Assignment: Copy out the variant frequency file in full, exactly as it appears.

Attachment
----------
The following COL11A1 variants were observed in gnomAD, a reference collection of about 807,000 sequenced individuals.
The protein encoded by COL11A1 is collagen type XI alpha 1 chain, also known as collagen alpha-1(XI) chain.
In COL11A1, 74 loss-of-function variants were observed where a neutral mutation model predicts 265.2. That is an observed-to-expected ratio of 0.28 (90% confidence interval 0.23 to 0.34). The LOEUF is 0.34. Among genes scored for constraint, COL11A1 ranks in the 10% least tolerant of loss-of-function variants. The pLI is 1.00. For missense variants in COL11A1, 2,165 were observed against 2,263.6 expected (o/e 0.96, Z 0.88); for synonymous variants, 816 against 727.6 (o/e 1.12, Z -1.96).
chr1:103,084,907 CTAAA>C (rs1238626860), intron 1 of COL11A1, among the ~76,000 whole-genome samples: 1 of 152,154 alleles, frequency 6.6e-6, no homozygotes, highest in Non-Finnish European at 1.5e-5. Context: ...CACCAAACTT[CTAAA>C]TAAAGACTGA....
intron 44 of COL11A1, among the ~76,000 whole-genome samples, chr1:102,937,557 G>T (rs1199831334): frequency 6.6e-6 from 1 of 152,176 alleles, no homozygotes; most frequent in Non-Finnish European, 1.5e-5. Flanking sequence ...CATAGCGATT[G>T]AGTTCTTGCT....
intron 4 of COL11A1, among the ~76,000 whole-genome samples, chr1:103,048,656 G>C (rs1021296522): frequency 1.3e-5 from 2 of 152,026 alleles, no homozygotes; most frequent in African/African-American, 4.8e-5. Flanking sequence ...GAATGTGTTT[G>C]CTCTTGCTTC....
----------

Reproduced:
The following COL11A1 variants were observed in gnomAD, a reference collection of about 807,000 sequenced individuals.
The protein encoded by COL11A1 is collagen type XI alpha 1 chain, also known as collagen alpha-1(XI) chain.
In COL11A1, 74 loss-of-function variants were observed where a neutral mutation model predicts 265.2. That is an observed-to-expected ratio of 0.28 (90% confidence interval 0.23 to 0.34). The LOEUF is 0.34. Among genes scored for constraint, COL11A1 ranks in the 10% least tolerant of loss-of-function variants. The pLI is 1.00. For missense variants in COL11A1, 2,165 were observed against 2,263.6 expected (o/e 0.96, Z 0.88); for synonymous variants, 816 against 727.6 (o/e 1.12, Z -1.96).
chr1:103,084,907 CTAAA>C (rs1238626860), intron 1 of COL11A1, among the ~76,000 whole-genome samples: 1 of 152,154 alleles, frequency 6.6e-6, no homozygotes, highest in Non-Finnish European at 1.5e-5. Context: ...CACCAAACTT[CTAAA>C]TAAAGACTGA....
intron 44 of COL11A1, among the ~76,000 whole-genome samples, chr1:102,937,557 G>T (rs1199831334): frequency 6.6e-6 from 1 of 152,176 alleles, no homozygotes; most frequent in Non-Finnish European, 1.5e-5. Flanking sequence ...CATAGCGATT[G>T]AGTTCTTGCT....
intron 4 of COL11A1, among the ~76,000 whole-genome samples, chr1:103,048,656 G>C (rs1021296522): frequency 1.3e-5 from 2 of 152,026 alleles, no homozygotes; most frequent in African/African-American, 4.8e-5. Flanking sequence ...GAATGTGTTT[G>C]CTCTTGCTTC....